• Bloomberg


Consumers unexpectedly cut back on spending two months before the first sales tax increase since 1997, in a potential sign that emerging inflationary pressures are undermining purchasing power.

Household spending fell 2.5 percent in February from a year earlier, the first drop in six months, the government said Friday, compared with a median estimate of economists for a 0.1 percent rise.

Retail sales slowed, while a measure of inflation that strips out energy and fresh food increased the most since 1998.

While the data, which include a measure of demand for workers approaching a two-decade high, offer policymakers confidence that their drive to end deflation is working, they also flash a warning sign. Without wage gains, the danger is that the end of 15 years of sustained price declines will damage the economy.

“Households are suffering from inflation as their incomes haven’t grown much,” said Naoki Iizuka, an economist at Citigroup Inc. in Tokyo. “People are purchasing durable goods to save money before the sales tax hike, so they have to cut back on non-durables.”

The splurge on hard goods comes despite their prices rising in February at the fastest pace since April 1980. Prime Minister Shinzo Abe said Thursday that the economy has reached a stage that cannot be called deflation.

Household spending on clothing and footwear fell 9.2 percent from a year earlier. Outlays on furniture and household goods soared 25.4 percent.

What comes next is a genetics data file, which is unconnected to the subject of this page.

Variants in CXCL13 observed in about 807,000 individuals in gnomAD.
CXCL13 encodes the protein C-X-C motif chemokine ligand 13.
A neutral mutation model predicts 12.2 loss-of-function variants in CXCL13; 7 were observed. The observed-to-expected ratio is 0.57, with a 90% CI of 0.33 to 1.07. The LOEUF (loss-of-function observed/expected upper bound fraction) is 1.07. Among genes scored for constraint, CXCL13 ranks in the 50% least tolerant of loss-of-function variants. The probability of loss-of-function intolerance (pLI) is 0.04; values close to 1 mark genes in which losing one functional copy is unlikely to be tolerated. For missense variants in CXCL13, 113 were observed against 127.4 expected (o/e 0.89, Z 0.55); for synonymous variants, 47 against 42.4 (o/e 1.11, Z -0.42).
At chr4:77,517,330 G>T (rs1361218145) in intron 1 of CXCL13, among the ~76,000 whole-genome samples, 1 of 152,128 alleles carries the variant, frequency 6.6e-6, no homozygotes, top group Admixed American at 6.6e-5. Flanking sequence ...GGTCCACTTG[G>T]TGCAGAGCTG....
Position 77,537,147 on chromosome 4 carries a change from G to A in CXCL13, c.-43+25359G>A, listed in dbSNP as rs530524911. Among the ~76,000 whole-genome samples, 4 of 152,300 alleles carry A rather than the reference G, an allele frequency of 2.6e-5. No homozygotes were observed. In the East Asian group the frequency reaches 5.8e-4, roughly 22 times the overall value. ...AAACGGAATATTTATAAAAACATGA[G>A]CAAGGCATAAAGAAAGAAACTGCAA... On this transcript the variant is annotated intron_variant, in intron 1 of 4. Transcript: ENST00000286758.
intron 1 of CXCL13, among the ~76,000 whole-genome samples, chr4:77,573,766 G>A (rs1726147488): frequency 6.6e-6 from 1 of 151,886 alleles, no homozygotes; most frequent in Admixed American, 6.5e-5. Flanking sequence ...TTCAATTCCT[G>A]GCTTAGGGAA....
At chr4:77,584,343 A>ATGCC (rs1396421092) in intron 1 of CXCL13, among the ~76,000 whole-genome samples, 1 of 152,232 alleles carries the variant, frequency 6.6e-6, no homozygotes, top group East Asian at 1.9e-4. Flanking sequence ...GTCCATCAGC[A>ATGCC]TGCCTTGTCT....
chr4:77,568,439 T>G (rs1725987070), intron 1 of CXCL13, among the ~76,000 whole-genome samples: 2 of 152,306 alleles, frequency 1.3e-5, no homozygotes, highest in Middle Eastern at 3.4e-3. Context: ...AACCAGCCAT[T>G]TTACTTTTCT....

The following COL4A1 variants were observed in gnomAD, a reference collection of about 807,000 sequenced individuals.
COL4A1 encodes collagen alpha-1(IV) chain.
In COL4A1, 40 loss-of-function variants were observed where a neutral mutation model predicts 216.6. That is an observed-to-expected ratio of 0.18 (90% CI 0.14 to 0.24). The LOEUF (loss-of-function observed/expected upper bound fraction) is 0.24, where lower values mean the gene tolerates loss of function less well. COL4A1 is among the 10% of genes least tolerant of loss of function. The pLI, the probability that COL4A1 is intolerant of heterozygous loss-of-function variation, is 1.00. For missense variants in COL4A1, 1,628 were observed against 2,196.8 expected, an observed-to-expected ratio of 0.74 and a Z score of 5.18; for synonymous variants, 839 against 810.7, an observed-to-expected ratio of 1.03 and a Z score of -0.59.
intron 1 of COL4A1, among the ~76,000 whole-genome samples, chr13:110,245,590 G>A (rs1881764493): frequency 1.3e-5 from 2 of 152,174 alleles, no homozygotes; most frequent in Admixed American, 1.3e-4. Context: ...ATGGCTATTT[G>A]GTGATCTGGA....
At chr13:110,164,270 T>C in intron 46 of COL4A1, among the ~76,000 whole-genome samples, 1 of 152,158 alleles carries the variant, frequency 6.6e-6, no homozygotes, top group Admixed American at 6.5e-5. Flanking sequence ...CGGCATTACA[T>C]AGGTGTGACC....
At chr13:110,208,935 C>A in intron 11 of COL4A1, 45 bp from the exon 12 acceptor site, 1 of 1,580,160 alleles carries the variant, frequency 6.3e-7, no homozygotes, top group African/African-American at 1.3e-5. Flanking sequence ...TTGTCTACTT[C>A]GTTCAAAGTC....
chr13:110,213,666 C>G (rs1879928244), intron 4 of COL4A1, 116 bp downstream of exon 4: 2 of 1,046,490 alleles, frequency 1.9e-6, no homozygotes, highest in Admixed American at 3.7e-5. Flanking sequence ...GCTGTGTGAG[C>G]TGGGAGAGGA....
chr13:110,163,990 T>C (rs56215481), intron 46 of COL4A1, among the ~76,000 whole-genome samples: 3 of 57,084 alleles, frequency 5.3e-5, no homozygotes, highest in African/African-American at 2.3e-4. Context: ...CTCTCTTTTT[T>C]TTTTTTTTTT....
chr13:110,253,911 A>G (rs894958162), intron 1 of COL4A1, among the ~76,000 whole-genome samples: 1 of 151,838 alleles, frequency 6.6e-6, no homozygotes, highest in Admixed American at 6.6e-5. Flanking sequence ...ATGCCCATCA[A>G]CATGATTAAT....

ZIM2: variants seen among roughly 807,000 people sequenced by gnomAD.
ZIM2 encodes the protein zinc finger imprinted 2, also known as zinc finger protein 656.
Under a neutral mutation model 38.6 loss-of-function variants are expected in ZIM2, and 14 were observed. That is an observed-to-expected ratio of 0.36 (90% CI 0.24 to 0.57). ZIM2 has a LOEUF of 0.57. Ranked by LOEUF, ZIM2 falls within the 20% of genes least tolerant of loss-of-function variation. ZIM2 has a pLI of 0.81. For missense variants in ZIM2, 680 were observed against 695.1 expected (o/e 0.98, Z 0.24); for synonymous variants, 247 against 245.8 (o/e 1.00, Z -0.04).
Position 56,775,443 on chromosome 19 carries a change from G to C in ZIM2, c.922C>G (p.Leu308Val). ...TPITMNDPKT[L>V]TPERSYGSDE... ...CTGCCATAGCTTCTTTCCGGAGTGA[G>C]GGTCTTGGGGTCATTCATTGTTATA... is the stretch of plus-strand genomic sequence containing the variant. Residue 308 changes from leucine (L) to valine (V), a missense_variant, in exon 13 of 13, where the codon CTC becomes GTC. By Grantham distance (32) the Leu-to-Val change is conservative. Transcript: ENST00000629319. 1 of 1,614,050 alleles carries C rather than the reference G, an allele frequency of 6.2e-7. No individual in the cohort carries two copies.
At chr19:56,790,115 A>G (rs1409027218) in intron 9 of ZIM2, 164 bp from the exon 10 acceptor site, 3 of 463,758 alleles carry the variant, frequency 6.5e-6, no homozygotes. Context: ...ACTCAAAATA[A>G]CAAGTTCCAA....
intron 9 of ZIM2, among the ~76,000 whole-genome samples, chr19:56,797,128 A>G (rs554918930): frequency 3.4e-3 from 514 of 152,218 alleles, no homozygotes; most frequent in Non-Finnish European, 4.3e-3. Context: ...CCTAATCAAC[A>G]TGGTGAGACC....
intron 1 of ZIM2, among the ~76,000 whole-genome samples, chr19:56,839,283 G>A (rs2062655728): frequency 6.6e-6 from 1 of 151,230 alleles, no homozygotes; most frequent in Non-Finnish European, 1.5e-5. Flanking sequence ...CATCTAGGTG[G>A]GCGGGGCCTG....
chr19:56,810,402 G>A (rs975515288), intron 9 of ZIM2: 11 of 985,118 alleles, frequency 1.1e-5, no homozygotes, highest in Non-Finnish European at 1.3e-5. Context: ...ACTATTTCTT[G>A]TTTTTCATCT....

Finance Minister Taro Aso said Friday that the administration will front-load spending in the budget for the fiscal year starting Tuesday, adding that the fall in consumer spending is a problem.

Japan is set for a one-quarter contraction in the next three months as spending slows after the consumption tax rise to 8 percent on Tuesday. Abe has to steer the nation through the aftermath, and the Bank of Japan may decide by May whether to add to unprecedented stimulus.

“The BOJ should start thinking about adding more stimulus in early June,” said Takuji Okubo, chief economist at Japan Macro Advisors.

Junko Nishioka, chief economist at Royal Bank of Scotland Group in Tokyo, said core inflation will probably settle around 1.2 percent or 1.3 percent over the next six months.

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